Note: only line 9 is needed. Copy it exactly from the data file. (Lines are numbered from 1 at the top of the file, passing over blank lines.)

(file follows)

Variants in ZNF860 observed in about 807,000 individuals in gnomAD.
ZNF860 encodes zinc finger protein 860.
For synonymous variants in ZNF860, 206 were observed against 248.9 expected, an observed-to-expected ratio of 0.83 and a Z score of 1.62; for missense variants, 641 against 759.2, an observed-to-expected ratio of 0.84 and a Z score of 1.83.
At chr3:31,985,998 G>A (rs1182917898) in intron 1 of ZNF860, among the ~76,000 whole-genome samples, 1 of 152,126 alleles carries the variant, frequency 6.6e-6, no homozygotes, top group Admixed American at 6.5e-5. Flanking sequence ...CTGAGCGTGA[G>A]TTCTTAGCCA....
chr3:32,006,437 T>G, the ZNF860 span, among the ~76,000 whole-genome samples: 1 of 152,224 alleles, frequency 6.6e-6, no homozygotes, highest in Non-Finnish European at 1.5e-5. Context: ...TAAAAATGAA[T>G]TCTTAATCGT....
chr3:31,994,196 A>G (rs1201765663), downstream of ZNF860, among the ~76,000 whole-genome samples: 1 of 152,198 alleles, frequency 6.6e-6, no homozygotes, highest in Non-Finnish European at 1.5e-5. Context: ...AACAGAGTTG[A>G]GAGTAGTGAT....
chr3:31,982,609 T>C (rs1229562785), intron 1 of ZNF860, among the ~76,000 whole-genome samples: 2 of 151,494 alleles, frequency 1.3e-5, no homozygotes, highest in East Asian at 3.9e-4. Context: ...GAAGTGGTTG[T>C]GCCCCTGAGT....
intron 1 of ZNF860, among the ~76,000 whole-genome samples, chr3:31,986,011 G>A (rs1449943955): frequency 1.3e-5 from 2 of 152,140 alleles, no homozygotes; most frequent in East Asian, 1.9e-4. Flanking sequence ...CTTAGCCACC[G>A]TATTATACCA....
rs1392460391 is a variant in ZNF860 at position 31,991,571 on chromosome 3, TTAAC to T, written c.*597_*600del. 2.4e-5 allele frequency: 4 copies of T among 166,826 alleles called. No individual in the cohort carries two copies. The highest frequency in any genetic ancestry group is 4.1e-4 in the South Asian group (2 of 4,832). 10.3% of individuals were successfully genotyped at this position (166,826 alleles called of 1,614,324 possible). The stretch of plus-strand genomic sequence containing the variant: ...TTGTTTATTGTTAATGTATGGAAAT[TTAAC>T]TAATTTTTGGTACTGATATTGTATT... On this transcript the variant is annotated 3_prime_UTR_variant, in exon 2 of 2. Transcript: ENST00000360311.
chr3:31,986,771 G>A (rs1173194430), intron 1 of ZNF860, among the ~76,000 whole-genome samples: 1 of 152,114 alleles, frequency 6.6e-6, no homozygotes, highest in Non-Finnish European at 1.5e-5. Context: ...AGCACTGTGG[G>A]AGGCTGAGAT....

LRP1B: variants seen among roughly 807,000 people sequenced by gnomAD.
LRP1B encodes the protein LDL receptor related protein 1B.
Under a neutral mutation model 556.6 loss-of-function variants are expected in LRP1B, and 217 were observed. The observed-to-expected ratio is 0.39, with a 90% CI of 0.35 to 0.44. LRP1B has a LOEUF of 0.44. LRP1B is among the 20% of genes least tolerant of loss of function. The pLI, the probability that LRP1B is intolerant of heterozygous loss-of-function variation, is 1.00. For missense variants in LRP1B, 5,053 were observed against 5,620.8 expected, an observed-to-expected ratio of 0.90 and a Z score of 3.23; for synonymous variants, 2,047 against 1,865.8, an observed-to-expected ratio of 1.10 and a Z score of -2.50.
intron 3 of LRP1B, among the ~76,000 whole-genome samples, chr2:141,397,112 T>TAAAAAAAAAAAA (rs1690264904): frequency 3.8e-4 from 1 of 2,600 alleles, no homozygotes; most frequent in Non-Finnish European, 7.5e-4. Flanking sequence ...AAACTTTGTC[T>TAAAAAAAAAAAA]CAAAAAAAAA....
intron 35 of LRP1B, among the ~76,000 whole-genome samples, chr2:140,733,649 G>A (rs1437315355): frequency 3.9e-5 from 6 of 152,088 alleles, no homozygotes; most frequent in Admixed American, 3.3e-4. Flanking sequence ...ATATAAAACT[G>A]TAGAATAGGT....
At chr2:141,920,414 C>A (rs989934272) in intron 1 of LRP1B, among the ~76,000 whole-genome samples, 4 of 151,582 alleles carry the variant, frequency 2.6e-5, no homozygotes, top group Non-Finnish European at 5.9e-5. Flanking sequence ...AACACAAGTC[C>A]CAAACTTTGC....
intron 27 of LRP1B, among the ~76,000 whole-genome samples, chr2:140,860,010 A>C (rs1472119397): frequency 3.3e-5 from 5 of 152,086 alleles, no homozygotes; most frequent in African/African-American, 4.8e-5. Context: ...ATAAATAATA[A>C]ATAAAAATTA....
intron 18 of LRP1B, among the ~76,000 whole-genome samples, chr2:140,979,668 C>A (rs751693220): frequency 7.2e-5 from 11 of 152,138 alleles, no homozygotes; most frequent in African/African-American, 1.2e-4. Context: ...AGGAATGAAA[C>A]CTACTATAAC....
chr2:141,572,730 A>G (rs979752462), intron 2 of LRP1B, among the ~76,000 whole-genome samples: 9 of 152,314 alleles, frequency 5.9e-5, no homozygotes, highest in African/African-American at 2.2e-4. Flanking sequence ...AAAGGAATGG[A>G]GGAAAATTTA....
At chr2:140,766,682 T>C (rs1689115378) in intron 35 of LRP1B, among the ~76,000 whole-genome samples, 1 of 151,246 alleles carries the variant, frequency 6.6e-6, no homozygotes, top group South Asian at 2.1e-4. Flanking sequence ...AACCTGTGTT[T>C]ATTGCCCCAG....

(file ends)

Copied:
rs1392460391 is a variant in ZNF860 at position 31,991,571 on chromosome 3, TTAAC to T, written c.*597_*600del. 2.4e-5 allele frequency: 4 copies of T among 166,826 alleles called. No individual in the cohort carries two copies. The highest frequency in any genetic ancestry group is 4.1e-4 in the South Asian group (2 of 4,832). 10.3% of individuals were successfully genotyped at this position (166,826 alleles called of 1,614,324 possible). The stretch of plus-strand genomic sequence containing the variant: ...TTGTTTATTGTTAATGTATGGAAAT[TTAAC>T]TAATTTTTGGTACTGATATTGTATT... On this transcript the variant is annotated 3_prime_UTR_variant, in exon 2 of 2. Transcript: ENST00000360311.